The Politics of Safety

Following a recent experience with a post-fire incident, I stumbled across a fascinating subject that will be coming to a theater (town hall) new you within months. What began as a research on home fire safety, quickly evolved into a fairly deep look into the subject of residential fire sprinklers. All man-made structures today are typically governed by building codes, architectural design, engineering standards, and other locally adopted practices that have been promulgated since the beginning of time.... The most prevelant of these institutions is the International Code Congress (ICC), an institution which is comprised of voting members with building and safety background from all over the country. The ICC produces a set of codes; namely, the International Residential Code (IRC), which specifies minimal building requirements for our new homes and remodeling projects. The IRC has recently denied an appeal by the Home Builder's Association in it's attempt to block the passage of the ICC's 2009 IRC provision which requires all new residential dwellings to install and maintain fire sprinkler systems. The current 2006 IRC has a provision for fire sprinkler systems in it's Appendix, and has been locally adopted by several municipalities throughout the country. 

ICC codes are revised once every three years, and local municipalites have the discretion to accept such codes, or they choose to enforce a distinctly different set of rules. Local municipalities have, over time, been granted quite broad sweeping health and safety regulatory and enforcement powers. The City of Mountain Brook, for instance, accepted the 2006 IRC and the 2008 Electrical Code (on different cycles), and enforces the building codes by conducting an average of 6 inspections on each new home and remodeling project (electrical rough, mechanical rough, plumbing rough, framing, electrical finish, mechanical finish, plumbing finish, building inspection). Since Mountain Brook is inside the Jefferson County jurisdiction, further inspections typically include environment impact, otherwise known as "potty counting" for sewer impact fees. On the other hand, if I were building a million dollar home in a neighboring county, I may not have to pull an inspection at all. Why am I talking about all of this? Simply because I am setting the stage for the discussion of the impact of the 2009 IRC fire sprinkler requirement. This issue is explosive on a number of fronts and is surrounded by enormously powerful and influencial political and economic special interest groups. Residential fire sprinklers have been lobbied for and against by some of the country's largest lobbying powers, legislated on by state and local governmental powers, have a multi-billion dollar economic impact, and have reportedly saved lives in multi-occupancy settings. For a simple illustration, I will present a short list of some of the talking points for opposing sides of the issue:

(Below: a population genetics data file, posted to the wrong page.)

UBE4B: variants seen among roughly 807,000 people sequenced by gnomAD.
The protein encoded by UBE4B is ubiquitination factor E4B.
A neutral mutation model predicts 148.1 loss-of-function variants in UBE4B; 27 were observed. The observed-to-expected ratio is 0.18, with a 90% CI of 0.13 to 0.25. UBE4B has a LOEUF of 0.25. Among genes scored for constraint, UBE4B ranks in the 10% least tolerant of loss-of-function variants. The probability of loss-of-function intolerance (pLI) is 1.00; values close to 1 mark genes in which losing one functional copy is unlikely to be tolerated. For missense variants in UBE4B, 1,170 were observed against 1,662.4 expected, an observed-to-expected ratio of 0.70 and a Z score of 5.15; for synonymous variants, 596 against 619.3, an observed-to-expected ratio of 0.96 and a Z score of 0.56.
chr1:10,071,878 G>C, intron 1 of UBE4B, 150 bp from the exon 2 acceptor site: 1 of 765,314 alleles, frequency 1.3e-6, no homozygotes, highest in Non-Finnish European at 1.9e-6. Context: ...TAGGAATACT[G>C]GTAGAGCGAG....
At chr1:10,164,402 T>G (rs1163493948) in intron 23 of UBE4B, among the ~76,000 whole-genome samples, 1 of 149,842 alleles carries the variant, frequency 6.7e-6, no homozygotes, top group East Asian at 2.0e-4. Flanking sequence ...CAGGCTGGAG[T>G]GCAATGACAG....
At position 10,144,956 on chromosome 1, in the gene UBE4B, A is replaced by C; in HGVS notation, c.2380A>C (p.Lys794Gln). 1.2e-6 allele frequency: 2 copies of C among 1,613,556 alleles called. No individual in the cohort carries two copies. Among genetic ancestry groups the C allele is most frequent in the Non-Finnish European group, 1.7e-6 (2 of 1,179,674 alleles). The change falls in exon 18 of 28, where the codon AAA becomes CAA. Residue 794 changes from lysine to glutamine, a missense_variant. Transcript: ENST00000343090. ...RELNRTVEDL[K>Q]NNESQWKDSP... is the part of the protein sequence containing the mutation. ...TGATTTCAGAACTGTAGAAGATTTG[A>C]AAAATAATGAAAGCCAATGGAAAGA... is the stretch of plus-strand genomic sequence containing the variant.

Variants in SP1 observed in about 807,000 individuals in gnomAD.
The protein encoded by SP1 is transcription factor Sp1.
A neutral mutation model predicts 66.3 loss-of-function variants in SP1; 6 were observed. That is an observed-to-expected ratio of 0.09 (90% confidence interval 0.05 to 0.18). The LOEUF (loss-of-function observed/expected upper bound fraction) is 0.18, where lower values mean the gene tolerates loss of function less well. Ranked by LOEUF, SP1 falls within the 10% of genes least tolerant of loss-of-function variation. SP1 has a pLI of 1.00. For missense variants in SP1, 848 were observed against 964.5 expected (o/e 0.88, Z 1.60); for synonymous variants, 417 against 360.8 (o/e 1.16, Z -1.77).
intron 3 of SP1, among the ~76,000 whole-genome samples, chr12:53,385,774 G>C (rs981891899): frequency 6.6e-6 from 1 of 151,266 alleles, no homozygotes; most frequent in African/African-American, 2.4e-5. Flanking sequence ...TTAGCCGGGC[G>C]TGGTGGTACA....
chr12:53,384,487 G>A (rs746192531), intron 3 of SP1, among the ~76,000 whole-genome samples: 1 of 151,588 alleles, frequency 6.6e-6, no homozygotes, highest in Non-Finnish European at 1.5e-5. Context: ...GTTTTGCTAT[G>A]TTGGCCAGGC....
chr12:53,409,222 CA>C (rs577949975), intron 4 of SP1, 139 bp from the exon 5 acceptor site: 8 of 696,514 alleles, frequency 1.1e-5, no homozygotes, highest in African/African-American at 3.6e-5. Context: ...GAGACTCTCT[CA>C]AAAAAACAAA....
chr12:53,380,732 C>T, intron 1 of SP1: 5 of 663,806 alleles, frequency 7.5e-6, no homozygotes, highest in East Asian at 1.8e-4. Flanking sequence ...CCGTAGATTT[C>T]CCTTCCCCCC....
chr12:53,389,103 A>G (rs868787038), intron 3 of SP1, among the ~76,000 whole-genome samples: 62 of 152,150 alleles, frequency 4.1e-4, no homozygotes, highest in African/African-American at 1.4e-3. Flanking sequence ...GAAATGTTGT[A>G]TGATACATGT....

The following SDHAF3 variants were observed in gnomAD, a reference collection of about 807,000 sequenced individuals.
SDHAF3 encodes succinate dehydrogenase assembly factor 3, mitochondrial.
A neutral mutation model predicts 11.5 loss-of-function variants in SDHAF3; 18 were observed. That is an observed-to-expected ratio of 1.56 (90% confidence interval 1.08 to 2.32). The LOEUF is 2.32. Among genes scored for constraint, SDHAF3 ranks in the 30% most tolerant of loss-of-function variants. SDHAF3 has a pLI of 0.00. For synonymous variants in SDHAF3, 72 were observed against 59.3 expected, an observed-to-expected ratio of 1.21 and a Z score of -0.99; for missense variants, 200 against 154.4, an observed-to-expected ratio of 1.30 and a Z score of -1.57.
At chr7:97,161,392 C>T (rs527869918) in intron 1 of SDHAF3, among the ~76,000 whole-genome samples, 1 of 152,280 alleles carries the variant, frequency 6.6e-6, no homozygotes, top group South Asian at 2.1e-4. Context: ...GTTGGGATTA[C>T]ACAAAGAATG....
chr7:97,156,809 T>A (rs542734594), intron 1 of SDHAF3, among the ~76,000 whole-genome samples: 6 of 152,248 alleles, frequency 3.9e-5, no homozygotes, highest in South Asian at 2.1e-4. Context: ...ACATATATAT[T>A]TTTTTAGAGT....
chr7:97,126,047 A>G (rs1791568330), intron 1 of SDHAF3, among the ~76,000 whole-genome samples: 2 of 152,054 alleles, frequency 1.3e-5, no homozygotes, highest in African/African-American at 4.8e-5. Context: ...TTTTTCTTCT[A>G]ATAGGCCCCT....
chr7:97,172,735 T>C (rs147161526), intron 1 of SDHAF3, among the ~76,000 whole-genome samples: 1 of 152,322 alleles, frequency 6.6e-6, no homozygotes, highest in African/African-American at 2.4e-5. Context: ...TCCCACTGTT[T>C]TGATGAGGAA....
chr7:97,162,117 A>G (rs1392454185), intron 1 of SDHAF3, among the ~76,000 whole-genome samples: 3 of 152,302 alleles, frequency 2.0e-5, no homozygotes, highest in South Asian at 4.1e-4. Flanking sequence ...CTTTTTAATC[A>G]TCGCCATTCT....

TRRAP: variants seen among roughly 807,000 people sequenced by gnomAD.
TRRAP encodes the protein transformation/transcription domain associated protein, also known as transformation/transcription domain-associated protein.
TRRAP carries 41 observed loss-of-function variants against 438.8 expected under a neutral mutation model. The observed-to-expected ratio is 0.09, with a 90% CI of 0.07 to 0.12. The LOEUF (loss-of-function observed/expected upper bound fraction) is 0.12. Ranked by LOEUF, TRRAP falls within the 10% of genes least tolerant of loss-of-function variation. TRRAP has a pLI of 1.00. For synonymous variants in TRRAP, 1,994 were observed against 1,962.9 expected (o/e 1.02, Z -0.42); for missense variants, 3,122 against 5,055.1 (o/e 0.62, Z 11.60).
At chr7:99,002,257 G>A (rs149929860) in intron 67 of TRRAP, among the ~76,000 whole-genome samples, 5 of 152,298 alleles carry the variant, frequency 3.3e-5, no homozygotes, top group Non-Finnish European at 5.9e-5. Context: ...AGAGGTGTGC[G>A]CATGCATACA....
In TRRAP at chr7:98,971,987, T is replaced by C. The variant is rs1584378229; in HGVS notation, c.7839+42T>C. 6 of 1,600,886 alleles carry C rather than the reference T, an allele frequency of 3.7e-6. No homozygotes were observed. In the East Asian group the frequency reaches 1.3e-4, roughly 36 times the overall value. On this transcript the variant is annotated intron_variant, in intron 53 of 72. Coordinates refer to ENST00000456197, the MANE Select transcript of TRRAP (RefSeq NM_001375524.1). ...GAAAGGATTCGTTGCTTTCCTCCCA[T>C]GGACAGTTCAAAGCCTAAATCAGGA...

• Saves lives.
  • Cost effective safety upgrade (approximately 1.5% of total cost of construction).
  • Extremely reliable.
  • Low profile of sprinkler heads  are unobtrusvie.
  • Stimulate economy by creating jobs.
  • Widespread consensus on the implementation of the provision.